Generate autonomy with a content management system
The expansion of Bridge Education Group into more than a dozen of websites requires the automation of the tasks falling into the bottleneck of the web team.

Time is a resource, much like money or autonomy, which can be invaluable or can be squandered.Chris Gabrieli

September 2010. Buenos Aires, Argentina.

Bridge Education Group is a leading language company. An ever expanding company, with a whole family of websites managed by a five-people web team based working remotely in Argentina.

As designers and developers, our mission was to keep those sites updated with the latest news, dates, and pricing. Classes and job opportunities change daily, so the different product owners relied on our quick action.

Distance, language barriers, and the fact we also were working on fixing bugs and generating marketing material created a bottleneck in which all those changes were piling up in a very long story backlog. Furthermore, the number of services didn’t match the personnel capacity. And the need of updating dates and course information was critical.

Plan a management system to generate autonomy

Redesigning a way of thinking

One of the flagship products, BridgeTEFL, needed a new face since its technology and design were becoming to look out of date. Online certifications, classroom courses, and job posting changes came to us via email. These emails used to get lost in translation very often.

Fresh and updated information will always improve the user experience.

So when we were asked to redesign the user interface, at the web team decided to raise the stake. We wanted to work as well in turning BridgeTEFL into a content management system based product.

We believed that developing a CMS-based website for the company staff would achieve a reduction on the tasks assigned to the web team. And with this, we could streamline the process of content updating.

The price of autonomy

We all knew what content management systems were. But at the same time, we didn’t have experience developing them. At that time all of the company’s sites were static, so all the information was modified manually.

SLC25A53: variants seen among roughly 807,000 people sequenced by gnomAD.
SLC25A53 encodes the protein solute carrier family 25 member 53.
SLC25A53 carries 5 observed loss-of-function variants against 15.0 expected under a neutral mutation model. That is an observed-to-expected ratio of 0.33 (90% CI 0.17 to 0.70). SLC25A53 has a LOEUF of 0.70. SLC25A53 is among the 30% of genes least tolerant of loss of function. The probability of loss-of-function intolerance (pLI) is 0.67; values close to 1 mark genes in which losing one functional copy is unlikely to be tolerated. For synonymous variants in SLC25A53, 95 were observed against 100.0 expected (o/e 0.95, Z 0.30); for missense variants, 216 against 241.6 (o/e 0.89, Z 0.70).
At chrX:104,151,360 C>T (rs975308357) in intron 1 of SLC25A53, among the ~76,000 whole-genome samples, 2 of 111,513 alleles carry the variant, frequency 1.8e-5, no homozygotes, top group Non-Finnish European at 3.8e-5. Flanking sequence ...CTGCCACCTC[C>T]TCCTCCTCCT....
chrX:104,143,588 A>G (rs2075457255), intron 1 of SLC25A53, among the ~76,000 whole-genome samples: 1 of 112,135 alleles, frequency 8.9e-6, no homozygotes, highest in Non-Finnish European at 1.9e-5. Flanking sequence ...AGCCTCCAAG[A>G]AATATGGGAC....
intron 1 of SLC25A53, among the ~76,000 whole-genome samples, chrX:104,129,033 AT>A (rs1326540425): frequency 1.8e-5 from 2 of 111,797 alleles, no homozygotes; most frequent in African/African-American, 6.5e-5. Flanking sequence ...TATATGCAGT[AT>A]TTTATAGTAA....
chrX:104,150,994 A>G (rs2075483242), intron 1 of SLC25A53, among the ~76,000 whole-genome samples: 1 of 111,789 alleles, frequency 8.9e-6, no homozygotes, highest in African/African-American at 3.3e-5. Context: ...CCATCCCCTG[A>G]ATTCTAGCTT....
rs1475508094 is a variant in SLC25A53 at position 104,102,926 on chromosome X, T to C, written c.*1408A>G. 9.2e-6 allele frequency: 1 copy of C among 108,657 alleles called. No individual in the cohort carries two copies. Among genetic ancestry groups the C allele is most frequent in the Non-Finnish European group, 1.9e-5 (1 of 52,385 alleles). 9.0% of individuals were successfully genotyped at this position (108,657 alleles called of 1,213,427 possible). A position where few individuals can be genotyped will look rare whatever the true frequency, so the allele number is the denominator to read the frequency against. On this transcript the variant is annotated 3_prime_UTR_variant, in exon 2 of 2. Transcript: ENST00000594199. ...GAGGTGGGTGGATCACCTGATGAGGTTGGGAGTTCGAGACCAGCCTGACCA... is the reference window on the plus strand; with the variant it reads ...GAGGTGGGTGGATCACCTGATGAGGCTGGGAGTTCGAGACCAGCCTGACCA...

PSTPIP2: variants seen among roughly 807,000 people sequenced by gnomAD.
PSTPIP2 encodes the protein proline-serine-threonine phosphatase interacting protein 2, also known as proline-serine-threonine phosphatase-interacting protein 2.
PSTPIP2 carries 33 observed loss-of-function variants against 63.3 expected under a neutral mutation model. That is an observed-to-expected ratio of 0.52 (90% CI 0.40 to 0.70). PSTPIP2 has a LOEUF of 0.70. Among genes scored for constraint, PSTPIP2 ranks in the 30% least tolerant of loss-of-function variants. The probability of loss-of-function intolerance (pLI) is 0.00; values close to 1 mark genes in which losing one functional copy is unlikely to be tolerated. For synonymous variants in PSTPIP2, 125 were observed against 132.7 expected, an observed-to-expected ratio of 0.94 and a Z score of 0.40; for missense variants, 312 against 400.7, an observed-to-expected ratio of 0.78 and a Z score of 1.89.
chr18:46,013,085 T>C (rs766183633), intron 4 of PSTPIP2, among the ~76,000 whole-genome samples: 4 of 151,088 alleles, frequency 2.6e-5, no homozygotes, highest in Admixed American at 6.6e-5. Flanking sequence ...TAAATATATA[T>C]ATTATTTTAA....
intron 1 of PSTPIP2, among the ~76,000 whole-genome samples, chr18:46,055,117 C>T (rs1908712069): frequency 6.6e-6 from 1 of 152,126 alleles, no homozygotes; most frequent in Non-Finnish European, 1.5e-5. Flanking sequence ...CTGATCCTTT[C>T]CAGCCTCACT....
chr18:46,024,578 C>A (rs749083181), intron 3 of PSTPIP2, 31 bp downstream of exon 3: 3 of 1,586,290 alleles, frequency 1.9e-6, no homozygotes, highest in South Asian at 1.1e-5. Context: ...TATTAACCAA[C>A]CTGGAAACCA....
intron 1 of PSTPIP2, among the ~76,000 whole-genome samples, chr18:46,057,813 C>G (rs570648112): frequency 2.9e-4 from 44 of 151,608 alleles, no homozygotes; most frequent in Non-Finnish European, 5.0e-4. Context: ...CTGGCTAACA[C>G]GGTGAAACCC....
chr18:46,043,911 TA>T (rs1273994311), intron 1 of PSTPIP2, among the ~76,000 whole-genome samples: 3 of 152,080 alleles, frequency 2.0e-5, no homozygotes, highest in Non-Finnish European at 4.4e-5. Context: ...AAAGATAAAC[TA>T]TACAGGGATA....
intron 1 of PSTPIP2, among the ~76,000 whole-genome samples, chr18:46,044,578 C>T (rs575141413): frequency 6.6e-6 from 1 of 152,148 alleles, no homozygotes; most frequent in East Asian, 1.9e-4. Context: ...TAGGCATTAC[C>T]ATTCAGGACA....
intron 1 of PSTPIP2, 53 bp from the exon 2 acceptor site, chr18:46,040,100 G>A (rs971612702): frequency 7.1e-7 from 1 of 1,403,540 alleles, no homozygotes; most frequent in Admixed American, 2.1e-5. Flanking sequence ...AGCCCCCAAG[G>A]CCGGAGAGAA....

Since our commitment to the web team was to create the CMS on top of also the redesign of a whole new UI, time was not something we had in our hands. The learning curve was steep, and it wasn’t our only task in the plate.

After understanding the importance of building a solid structure, the first step was working with an experienced consultant. Not only someone capable of coding but also of architecting large-scale websites. On top of that, he needed to be part of the stakeholder interviews to understand their priorities and their needs.

By the time the meetings with all the people involved were happening, we also discussed the design with the president of the company and the marketing team. Mixing those two worlds -stakeholder needs and marketing- let Bridge define the future of the product better.

A new system for all of us

There was a learning curve to learn how to manipulate the content. Designers discovered the capabilities of the system. Developers had adopted a new coding language. Stakeholders were required to get to do something entirely new. The responsibility of updating the content was now theirs. But at the same time, they had so many other tasks and honestly login into a system, and navigating through it could be a very time-consuming task.

Many times the web time would become still the number one resource for consultation. We were answering questions on how to use the CMS, even though there was a thorough documentation available. There was still a need for stakeholders to communicate with other people to get their job done.

Changes take time

After some time fixing bugs and educating the product owners, the idea of gaining more autonomy over their products started to appeal more and more to them. Last minute changes now could be easily tweaked from any computer. We no longer needed technical skills to update the content.

As a result, this impacted in the market feedback. The fresh and updated information allowed sales representatives to discuss prices accurately and make corrections on the go. This sense of autonomy made the company more competitive and aware of the current state of the product.

From the web team end, there was a reduction in the number of tickets with text changes. Having more time allowed us to focus on creating promotional content and improving the overall state of design.

Collaborating in the workspace and listening to all the voices was crucial for taking this holistic approach.

Even though the redesign of BridgeTEFL was never actually deployed, this was the pilot project to turn the rest of the websites into CMS. The win was not so much on the user interface, but in the improvement of the speed and quality of the management of content across the entire company.

In conclusion, creating ownership not only increased people’s motivation but also gave them a driving purpose and the desire to perfect their craft.

Additional reading

Advantages & Disadvantages of Using a CMS for Building Your Website. (2016, September 7). Web Hosting Media. Retrieved from http://webhostingmedia.net/advantages-disadvantages-using-cms/

Hickman, F., & Thio, W. (2015, December 22). The 5 Key-Elements For a Thriving UX Design Team. Human, Business, Shape. Retrieved from https://medium.com/human-business-shape/the-5-key-elements-for-a-thriving-ux-design-team-bf5658e949ca

Short, K. (2008, March 18). No Small Task: Migrating Content to a New CMS. CMS Wire. Retrieved from http://www.cmswire.com/cms/web-publishing/no-small-task-migrating-content-to-a-new-cms-002437.php